Operating crank 30 is the sole power source for operation of the mechanism shown in FIG. 2. A pin 56 extends perpendicularly from the face of operating crank 30 and supports both a compression plunger 58 and a coupling link 60. Both compression plunger 58 and coupling link 60 are journaled onto pin 56 so as to enable rotation thereabout. Compression plunger 58 interacts with a hollow anvil link 62 in which a spring 64 is positioned. Hollow anvil link 62 is journaled for rotation about a pin 66 which is fixedly mounted to transfer roller strut 44.
Coupling link 60 includes a slot 68 through which a pin 70 extends. Pin 70 is fixedly attached to pressure roller strut 40. A mechanical stop 72 is positioned between pressure roller strut 40 and transfer roller strut 44 and is instrumental in enabling a separation to occur between pressure roller 32 and transfer roller 34 during the operation of the mechanism. While the mechanism is shown in conjunction with a photoconductor roller 36 over which a photoconductor belt 74 is positioned, it is to be understood that the invention is equally operable with a photoconductor-coated drum.
The operation of the invention will now be described in conjunction with FIGS. 2-4. In FIG. 2, it is assumed that photoconductor belt 74 has been imaged by laser beam 16 and subsequently toned to include an image 80 thereupon. It is further assumed that operating crank 30 has moved pin 56 to a lower-most position so that compression plunger 58 has compressed spring 64 against anvil link 62. This action causes transfer roller strut 64 to place transfer roller 34 into pressure engagement with photoconductor belt 74. As a result, a portion of image 80 has been transferred from photoconductor belt 80 to the surface of transfer roller 34.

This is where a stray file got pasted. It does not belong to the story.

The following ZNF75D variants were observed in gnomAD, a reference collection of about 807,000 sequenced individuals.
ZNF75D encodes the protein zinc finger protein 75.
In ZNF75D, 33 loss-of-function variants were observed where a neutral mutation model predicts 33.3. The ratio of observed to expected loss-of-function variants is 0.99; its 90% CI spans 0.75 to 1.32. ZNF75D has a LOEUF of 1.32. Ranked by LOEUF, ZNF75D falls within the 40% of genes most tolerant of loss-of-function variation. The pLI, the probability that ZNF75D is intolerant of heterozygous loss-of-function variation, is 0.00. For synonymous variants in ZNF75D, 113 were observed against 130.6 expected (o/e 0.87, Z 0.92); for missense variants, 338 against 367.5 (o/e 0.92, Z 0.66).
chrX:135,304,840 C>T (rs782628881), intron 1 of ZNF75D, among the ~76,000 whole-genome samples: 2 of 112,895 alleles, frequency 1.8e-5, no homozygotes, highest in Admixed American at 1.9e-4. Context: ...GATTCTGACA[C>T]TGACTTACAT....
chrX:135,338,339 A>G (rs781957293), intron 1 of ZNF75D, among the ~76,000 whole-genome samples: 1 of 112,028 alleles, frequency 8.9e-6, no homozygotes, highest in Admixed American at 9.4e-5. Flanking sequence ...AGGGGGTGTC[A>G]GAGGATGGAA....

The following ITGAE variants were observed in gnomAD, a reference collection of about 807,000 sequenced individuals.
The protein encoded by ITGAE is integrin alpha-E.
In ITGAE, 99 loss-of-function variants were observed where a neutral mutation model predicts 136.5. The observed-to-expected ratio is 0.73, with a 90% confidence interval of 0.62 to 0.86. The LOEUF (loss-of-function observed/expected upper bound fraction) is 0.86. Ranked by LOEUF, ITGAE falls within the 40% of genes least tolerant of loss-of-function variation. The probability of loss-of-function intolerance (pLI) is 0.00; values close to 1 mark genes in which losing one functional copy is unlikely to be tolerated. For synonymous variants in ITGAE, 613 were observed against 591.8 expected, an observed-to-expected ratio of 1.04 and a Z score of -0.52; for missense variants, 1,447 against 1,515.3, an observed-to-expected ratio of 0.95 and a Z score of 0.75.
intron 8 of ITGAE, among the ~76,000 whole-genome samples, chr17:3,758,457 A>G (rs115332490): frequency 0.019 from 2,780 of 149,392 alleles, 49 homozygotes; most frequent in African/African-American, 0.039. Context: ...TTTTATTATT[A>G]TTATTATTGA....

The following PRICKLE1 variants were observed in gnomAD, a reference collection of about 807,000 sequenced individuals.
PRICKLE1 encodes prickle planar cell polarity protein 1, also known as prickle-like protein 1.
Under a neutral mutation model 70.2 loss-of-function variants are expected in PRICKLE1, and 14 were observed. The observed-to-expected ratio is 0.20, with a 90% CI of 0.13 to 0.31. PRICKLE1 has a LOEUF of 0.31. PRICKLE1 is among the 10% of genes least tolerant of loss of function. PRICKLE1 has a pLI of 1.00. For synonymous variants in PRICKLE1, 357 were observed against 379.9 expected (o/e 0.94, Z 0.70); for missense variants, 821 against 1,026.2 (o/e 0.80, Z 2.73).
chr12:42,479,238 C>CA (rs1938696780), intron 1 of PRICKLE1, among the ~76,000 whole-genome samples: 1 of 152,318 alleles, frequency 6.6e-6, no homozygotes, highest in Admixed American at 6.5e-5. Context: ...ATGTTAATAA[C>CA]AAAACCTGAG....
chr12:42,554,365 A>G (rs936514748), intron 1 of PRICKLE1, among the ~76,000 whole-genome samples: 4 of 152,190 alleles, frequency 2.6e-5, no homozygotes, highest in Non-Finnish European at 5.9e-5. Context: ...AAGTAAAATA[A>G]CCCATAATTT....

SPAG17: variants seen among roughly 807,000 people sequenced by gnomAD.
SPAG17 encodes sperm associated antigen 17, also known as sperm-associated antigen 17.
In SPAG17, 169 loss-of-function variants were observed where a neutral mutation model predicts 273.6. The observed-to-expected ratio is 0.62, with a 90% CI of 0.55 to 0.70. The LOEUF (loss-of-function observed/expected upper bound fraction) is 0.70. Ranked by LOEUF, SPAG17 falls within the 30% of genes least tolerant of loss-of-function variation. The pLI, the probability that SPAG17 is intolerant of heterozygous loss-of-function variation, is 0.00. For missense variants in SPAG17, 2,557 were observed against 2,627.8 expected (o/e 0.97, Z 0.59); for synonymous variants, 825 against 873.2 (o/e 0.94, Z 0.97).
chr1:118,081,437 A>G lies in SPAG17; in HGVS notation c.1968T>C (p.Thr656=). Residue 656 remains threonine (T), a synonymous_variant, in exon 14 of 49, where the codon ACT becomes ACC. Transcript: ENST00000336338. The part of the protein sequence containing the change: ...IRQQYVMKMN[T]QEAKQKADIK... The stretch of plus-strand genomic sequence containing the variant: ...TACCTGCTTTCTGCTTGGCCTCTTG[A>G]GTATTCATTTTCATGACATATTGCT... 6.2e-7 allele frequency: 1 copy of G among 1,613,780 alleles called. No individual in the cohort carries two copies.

Because pin 56 is in its lower most position, compression spring 54 has also forced pressure strut 40 and, thus, pressure roller 32 against the surface of transfer roller 34. Under these conditions, the position of slot 68 with respect to pin 70 in pressure roller strut 40 is such that there is no active engagement therebetween. As a result, the contact pressure between pressure roller 32 and transfer roller 34 is solely determined by the force exerted by spring 54 on pressure roller strut 40. Paper sheet 38 has commenced its travel between pressure roller 32 and transfer roller 34 so as to enable a transfer of image 80 from the surface of transfer roller 34 to the paper.
In FIG. 3, it is assumed that the entirety of image 80 has now been transferred to transfer roller 34 and that the remaining toner 82 on photoconductor belt 74 is non-image toner. As a result, it is desired to bring transfer roller 34 out of contact with photoconductor belt 74 before non-image toner 82 is transferred to transfer roller 34. To accomplish this action, operating crank 30 further rotates and causes pin 56 to move in a counterclockwise direction. This causes compression plunger 58 to disengage from spring 64 and for coupling link 60 to move in a generally upward direction. As a result, the lower-most edge of slot 68 contacts pin 70 and causes pressure roller strut 40 to rotate in a counterclockwise direction about pivot mounting 42. Spring 54, bearing against cap nut 52, causes post 48 to move transfer roller strut 44 in a counterclockwise direction about pivot mounting 46. This action brings transfer roller 34 out of contact with photoconductor belt 74 and prevents transfer of non-image toner 82 thereunto. During further rotation of photoconductor belt 74, a cleaning brush (not shown) contacts belt 74 and removes non-image toner 82. Continued rotation of transfer roller 34 enables emplacement of the remainder of image 80 onto paper 38.